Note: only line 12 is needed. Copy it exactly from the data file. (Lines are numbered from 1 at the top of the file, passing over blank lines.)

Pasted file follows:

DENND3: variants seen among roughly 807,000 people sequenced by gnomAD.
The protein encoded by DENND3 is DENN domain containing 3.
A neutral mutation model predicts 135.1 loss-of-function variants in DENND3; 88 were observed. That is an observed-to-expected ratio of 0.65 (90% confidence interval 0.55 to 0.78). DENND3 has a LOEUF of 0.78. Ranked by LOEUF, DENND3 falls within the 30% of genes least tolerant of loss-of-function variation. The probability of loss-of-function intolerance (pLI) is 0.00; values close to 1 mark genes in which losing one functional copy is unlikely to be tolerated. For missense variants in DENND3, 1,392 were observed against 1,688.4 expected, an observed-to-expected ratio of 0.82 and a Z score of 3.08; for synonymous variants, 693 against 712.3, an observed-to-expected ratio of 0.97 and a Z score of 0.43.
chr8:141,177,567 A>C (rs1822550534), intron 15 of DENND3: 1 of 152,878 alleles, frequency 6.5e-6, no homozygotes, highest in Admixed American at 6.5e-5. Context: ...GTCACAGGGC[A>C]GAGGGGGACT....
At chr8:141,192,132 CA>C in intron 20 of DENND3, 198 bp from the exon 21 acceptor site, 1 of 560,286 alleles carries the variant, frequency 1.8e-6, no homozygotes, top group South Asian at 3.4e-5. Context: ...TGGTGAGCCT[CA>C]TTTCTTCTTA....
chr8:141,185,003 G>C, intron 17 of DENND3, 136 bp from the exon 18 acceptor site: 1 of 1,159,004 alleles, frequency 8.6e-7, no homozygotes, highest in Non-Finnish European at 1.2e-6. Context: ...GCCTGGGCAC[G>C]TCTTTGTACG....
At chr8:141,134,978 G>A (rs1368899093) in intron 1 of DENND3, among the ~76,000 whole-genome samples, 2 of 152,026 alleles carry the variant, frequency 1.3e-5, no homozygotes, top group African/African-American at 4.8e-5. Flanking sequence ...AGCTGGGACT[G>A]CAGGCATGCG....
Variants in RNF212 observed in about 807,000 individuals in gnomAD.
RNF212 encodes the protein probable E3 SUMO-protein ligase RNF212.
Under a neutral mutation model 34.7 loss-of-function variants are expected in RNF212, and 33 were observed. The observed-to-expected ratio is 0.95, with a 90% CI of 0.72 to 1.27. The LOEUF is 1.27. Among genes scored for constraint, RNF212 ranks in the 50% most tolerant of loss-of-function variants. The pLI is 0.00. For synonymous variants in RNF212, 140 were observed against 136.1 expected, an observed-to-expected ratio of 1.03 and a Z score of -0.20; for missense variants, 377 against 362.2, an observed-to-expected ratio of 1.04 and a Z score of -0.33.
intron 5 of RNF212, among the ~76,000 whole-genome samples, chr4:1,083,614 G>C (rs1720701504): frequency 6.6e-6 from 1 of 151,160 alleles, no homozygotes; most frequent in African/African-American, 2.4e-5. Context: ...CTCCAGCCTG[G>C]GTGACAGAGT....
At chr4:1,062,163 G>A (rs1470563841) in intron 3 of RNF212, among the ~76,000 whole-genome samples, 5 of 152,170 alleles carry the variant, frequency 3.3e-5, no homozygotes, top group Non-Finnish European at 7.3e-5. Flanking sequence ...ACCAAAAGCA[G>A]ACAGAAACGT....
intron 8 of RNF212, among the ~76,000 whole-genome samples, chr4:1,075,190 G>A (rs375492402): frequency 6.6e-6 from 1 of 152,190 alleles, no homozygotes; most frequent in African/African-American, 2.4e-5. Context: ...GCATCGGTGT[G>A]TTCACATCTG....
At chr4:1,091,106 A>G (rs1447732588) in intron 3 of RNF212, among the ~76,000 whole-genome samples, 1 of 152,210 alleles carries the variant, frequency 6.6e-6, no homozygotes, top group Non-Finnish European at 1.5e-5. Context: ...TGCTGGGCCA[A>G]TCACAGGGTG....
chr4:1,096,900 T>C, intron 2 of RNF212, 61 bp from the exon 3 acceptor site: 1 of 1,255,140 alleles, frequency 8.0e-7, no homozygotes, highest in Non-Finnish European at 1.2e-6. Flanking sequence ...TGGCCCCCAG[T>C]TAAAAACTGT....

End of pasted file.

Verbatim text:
At chr4:1,062,163 G>A (rs1470563841) in intron 3 of RNF212, among the ~76,000 whole-genome samples, 5 of 152,170 alleles carry the variant, frequency 3.3e-5, no homozygotes, top group Non-Finnish European at 7.3e-5. Flanking sequence ...ACCAAAAGCA[G>A]ACAGAAACGT....